We make them feel ‘cared for’”

Mental health has always been neglected but now with awareness in the society people are openly addressing their issues. The LGBTQ+ community has always been facing a lot of issues in the society which affect their mental health majorly. United We Care, found by Shumita Kakkar is an application which have professionals dealing with the mental health issues of people from every gender. They make sure to counsel and focus on the mental health of the LGBTQ+ community. We talked to Shumita about the application and how is it helping in making this world a better place.

Tell us something about United We Care. How did you come up with this application?

United We Care is an app-based platform found in January 2020. It helps connect people with a large number of professional psychologists, life coaches and lawyers. United We Care is a ground breaking initiative that doesn’t focus on merely addressing the problem, but identifying the root causes and offering holistic sustainable solutions to the users. I found this app with an aim to help people overcome various challenges that adversely impact their mental peace and wellness. The app has integrated social, mental, financial and legal support system for all genders and age groups. We offer expertise to help men, women, youth, children and LGBTQ+ communities facing issues such as separation or other difficulties in their lives.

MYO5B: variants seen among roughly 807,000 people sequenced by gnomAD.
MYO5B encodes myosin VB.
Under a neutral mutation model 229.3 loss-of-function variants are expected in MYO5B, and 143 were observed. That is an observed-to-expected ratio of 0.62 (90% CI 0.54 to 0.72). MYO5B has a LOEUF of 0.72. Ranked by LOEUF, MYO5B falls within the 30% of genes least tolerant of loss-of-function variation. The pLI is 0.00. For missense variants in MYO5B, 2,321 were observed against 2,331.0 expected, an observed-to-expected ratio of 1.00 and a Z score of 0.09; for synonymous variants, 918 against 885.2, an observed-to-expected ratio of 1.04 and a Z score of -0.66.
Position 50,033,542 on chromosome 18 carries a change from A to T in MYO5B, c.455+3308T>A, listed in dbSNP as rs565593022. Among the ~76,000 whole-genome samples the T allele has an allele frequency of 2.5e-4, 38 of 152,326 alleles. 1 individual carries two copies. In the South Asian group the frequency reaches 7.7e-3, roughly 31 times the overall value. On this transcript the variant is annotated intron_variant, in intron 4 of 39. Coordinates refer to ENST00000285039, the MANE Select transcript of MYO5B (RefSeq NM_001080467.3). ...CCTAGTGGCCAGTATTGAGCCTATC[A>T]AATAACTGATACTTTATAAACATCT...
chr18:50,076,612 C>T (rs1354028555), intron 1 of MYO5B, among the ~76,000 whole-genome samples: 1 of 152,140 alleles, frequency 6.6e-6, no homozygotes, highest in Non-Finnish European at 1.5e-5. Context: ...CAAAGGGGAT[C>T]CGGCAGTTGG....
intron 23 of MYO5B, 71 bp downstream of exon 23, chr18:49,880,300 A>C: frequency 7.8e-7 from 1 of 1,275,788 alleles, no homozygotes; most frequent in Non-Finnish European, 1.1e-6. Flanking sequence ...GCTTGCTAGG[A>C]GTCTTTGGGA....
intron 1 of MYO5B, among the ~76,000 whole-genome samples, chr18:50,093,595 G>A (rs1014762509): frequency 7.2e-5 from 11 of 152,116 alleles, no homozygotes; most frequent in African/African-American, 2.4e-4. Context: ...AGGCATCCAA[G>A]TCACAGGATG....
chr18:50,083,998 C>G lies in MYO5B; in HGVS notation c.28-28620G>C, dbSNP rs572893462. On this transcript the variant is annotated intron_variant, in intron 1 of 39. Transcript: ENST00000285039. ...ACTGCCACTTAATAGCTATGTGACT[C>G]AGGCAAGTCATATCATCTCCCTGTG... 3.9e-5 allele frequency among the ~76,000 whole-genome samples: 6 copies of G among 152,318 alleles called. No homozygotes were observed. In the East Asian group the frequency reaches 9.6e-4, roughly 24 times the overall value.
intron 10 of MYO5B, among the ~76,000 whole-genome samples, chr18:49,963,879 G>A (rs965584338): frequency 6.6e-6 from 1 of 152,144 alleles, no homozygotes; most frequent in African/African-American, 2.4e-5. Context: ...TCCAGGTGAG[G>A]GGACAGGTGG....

What is the most common issue that people come up with while consulting you through the application?

Stress management and depression are the commonest challenges faced by people. Today, there are numerous factors leading to stress depending on the user’s profile. Children and teenagers are worried about their education, employed professionals are hit by financial and job concerns and homemakers are dealing with additional work and responsibilities in the new normal. That’s where UWC is trying to reach out to all the users and make them feel ‘cared for.’


Do you think with changing times, the LGBTQ youth are coming forward and addressing their problems more openly?

To a certain extent, there is a greater confidence among the youth who are coming forward and being vocal about their challenges. The abolition of Section 377 has removed the risk of sweeping prosecution which was a legacy of British era. Now that the fear of reprisal and legal hounding is a thing of the past, there is a fearless discussion on matters of sexuality and gender equality in the public domain. There is still a very long way to go, but yes, the changes are becoming visible.


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